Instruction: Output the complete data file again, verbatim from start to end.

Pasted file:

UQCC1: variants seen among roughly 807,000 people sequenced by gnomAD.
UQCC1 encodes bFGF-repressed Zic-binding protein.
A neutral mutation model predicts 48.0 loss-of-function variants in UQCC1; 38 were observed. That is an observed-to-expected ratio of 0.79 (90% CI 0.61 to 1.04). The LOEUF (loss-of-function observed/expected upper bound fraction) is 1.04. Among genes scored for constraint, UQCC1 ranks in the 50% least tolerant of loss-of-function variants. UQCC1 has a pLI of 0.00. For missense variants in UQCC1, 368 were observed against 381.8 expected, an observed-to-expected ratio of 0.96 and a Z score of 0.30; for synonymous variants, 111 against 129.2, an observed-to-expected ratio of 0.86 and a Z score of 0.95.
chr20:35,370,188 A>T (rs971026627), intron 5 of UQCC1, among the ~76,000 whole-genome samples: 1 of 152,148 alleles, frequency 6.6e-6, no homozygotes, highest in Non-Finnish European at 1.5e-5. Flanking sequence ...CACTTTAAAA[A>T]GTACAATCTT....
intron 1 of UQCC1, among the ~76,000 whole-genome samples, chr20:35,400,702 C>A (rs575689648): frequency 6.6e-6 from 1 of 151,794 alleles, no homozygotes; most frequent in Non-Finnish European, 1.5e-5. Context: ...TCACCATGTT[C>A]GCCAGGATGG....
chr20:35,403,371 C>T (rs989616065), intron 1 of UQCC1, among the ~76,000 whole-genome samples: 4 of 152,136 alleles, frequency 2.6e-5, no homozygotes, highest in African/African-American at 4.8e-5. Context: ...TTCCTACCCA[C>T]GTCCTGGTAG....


UQCC1: variants seen among roughly 807,000 people sequenced by gnomAD.
UQCC1 encodes bFGF-repressed Zic-binding protein.
A neutral mutation model predicts 48.0 loss-of-function variants in UQCC1; 38 were observed. That is an observed-to-expected ratio of 0.79 (90% CI 0.61 to 1.04). The LOEUF (loss-of-function observed/expected upper bound fraction) is 1.04. Among genes scored for constraint, UQCC1 ranks in the 50% least tolerant of loss-of-function variants. UQCC1 has a pLI of 0.00. For missense variants in UQCC1, 368 were observed against 381.8 expected, an observed-to-expected ratio of 0.96 and a Z score of 0.30; for synonymous variants, 111 against 129.2, an observed-to-expected ratio of 0.86 and a Z score of 0.95.
chr20:35,370,188 A>T (rs971026627), intron 5 of UQCC1, among the ~76,000 whole-genome samples: 1 of 152,148 alleles, frequency 6.6e-6, no homozygotes, highest in Non-Finnish European at 1.5e-5. Flanking sequence ...CACTTTAAAA[A>T]GTACAATCTT....
intron 1 of UQCC1, among the ~76,000 whole-genome samples, chr20:35,400,702 C>A (rs575689648): frequency 6.6e-6 from 1 of 151,794 alleles, no homozygotes; most frequent in Non-Finnish European, 1.5e-5. Context: ...TCACCATGTT[C>A]GCCAGGATGG....
chr20:35,403,371 C>T (rs989616065), intron 1 of UQCC1, among the ~76,000 whole-genome samples: 4 of 152,136 alleles, frequency 2.6e-5, no homozygotes, highest in African/African-American at 4.8e-5. Context: ...TTCCTACCCA[C>T]GTCCTGGTAG....